When Amanda Morin's son, Benjamin, started second grade earlier this year, she knew other kids in his class would have questions—and so would their parents.
Benjamin was recently diagnosed with autism and ADHD, so he requires a little extra special attention in class.
As a mom, Morin knew other parents would have their own assumptions to make, especially when it came to their own children’s educational needs.
"I hurt for him and want him just to be like any other kid, because he is like any other kid," said Morin.
So, before school started again, Morin decided to write an open letter to the parents of the other kids in Benjamin’s class.
The letter, which was quickly picked up by the Huffington Post, reads, in full:
To all the parents who are worried that my son is in their child’s class:
I heard through our mutual friend that you were asking whether my son is in the same class as your child. I wondered why my phone wasn’t blowing up with the “whose class is he in?” messages, as it often has after report cards and class assignments arrive in the mail.
I certainly don’t mind my phone being quiet. But I do mind that you were asking other people instead of me.
I seriously doubt it, but maybe you were asking because you want our kids to be better friends next year. That would be great because my son has a hard time making friends and he really admires your child. Or maybe you heard I have a great sense of humor that will make you happy to hang out during playdates.
I have no doubt, however, that you’ve heard about the supports and services and extra help my son receives. I’m pretty sure you know that he sometimes gets loud and has to leave class when he’s overexcited. I’m sure other kids have told their parents about his behavior plan and that information has made the rounds, too.
So maybe you’re asking about his teacher because you’re actually afraid they will be in the same class. I know some parents are concerned about the impact of inclusive classrooms. They worry that their child will lose out because the teacher is spending too much time with kids like mine. They also worry that classroom expectations will be lowered or that their child will pick up “behaviors.”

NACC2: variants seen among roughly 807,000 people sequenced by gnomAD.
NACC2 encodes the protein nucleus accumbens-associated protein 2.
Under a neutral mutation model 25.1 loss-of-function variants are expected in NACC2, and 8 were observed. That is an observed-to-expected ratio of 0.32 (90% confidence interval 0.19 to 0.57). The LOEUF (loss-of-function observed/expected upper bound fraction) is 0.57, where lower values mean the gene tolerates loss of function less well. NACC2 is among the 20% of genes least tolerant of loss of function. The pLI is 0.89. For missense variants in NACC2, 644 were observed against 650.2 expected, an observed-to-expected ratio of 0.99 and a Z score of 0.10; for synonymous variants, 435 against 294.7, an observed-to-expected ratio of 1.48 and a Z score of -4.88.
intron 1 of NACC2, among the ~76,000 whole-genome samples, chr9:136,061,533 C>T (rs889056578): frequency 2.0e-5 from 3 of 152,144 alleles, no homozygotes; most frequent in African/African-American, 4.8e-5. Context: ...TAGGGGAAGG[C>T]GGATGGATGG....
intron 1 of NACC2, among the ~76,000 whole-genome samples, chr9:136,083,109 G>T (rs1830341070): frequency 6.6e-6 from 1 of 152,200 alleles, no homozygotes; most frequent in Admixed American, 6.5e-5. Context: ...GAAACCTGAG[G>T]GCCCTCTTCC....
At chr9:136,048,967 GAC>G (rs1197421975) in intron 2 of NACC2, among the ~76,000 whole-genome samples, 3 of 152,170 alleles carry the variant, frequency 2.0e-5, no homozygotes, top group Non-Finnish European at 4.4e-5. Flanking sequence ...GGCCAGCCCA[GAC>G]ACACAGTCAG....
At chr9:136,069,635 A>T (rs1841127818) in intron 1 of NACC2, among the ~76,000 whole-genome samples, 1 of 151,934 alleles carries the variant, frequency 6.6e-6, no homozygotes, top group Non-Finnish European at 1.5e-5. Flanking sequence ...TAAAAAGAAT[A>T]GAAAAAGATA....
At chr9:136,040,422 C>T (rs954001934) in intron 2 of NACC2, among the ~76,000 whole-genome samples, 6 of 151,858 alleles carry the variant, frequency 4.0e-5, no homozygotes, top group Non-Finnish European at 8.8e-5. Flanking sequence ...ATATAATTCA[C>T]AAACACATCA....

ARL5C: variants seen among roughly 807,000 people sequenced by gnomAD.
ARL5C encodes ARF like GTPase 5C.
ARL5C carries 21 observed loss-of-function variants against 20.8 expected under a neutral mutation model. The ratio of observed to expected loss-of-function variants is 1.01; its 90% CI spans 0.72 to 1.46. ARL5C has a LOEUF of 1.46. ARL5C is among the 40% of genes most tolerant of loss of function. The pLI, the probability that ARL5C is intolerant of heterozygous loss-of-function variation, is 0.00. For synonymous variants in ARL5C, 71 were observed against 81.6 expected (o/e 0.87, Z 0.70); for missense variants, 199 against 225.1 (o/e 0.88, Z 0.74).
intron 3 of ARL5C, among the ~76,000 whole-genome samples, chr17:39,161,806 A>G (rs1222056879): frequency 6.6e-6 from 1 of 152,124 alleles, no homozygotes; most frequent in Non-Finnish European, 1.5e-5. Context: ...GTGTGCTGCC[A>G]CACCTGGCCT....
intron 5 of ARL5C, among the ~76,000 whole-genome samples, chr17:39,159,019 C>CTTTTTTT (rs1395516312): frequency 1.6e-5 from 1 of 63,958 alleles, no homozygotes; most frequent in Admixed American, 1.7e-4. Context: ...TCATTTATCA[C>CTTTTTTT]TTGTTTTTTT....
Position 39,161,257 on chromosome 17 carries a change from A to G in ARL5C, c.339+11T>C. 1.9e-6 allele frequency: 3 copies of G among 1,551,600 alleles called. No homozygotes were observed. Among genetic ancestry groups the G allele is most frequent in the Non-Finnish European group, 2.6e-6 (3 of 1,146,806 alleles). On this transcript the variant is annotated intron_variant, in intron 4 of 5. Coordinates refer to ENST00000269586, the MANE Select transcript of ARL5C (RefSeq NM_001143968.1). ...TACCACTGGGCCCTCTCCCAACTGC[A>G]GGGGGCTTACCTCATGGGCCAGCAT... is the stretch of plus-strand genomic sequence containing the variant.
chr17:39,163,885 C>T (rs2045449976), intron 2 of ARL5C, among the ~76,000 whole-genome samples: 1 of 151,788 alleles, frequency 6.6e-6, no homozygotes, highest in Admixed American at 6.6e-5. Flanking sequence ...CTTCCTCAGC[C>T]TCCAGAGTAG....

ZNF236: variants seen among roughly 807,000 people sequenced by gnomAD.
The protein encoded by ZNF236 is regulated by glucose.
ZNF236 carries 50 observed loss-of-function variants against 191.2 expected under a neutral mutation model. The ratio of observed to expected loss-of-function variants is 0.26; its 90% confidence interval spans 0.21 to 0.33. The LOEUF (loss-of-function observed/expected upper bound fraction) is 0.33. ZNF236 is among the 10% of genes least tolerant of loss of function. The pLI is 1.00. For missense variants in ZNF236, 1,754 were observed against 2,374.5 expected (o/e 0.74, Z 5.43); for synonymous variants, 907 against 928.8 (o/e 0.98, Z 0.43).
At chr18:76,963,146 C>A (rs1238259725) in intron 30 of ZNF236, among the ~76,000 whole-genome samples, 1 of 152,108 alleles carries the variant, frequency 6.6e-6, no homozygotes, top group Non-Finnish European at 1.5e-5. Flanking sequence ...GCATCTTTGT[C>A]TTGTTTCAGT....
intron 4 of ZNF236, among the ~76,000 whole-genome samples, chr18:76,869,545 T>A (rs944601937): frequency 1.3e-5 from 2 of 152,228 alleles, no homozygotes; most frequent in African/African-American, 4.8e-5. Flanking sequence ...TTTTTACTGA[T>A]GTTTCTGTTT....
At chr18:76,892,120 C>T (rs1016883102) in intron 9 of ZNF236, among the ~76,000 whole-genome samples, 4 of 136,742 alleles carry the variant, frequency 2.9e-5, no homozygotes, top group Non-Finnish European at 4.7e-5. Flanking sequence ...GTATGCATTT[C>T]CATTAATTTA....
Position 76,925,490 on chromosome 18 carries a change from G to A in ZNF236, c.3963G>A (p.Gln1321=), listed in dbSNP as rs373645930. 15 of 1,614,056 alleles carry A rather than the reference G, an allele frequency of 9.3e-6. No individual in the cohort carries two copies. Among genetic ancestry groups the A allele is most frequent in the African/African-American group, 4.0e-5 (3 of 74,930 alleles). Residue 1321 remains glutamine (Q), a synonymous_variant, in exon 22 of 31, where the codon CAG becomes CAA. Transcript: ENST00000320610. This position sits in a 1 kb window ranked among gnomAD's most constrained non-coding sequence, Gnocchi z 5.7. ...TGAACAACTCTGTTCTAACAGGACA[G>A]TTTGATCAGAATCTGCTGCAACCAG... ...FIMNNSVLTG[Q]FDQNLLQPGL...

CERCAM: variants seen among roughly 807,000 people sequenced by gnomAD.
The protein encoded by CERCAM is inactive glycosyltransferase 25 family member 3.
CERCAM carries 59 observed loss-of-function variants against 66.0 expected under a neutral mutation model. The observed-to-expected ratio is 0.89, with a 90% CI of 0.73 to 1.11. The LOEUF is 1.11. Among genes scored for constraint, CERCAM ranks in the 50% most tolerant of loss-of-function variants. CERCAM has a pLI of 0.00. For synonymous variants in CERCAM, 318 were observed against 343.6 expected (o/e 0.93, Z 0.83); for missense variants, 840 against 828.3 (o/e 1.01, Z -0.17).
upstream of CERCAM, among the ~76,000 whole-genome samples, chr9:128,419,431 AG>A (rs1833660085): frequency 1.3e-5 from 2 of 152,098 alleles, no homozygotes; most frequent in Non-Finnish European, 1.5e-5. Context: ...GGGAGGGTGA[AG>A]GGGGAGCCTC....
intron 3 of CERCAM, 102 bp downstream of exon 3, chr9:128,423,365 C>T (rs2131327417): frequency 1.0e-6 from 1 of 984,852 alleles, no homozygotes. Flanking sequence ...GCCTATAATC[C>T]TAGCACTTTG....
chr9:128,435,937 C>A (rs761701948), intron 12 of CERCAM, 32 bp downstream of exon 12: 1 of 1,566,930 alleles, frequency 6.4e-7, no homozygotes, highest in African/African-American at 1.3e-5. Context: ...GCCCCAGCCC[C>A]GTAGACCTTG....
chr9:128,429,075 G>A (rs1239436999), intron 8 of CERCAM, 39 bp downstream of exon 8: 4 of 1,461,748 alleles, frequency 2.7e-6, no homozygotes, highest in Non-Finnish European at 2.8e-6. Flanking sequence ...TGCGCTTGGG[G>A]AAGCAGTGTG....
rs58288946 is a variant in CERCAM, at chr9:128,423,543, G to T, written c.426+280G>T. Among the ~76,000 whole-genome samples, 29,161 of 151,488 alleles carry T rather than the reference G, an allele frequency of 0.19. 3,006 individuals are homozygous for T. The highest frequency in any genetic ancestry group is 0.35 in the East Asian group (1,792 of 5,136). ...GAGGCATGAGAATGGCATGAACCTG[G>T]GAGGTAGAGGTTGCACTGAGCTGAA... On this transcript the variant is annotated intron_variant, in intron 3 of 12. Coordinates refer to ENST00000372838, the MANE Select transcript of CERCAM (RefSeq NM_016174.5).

I understand why people have those worries. We’re scared of what we don’t know or understand. But you’re not going to understand it if you don’t ask the right person. And that person is me.
So, ask me. Text me, message me, call me — whatever your favorite mode of communication is works. But come to me and ask, “Whose class is your son in?”
If you want to know if my son is in the same class as yours because you don’t want him there, well, I’m not going to lie — that hurts. It hurts because he’s a little boy and he’s doing the best he can. It hurts because he has so much to offer the world and so much friendship he’s eager to share with your child.
But it also upsets me because I worry about whether your child hears you asking about my son. Believe me, I’m not perfect, and I’ve said my share of things in front of my kids that I shouldn’t have. That’s why I worry. I know how hard it is to walk it back once you’ve said something you wish you hadn’t.
What if our kids have the same interests and are destined to be best friends? What if you and I have loads in common and could be close friends? What if your child is struggling, too, and I know how to help you get him the help he needs?
So, yeah, I got my son’s teacher assignment in the mail today. I don’t know if he’s in your child’s class because I never heard who your child has. I know who my friend’s daughter has because she told me when she shared that you were asking about my son.
I hope we get to talk for real soon because I’d love to tell you more about my son. I hope our kids are in the same class because then your child can see what a great kid my child is. And I’d like to get to know you better, too.
Just text me.
Since Morin wrote her open letter earlier this month, it has gone viral, with many parents of children with autism praising her for speaking out.
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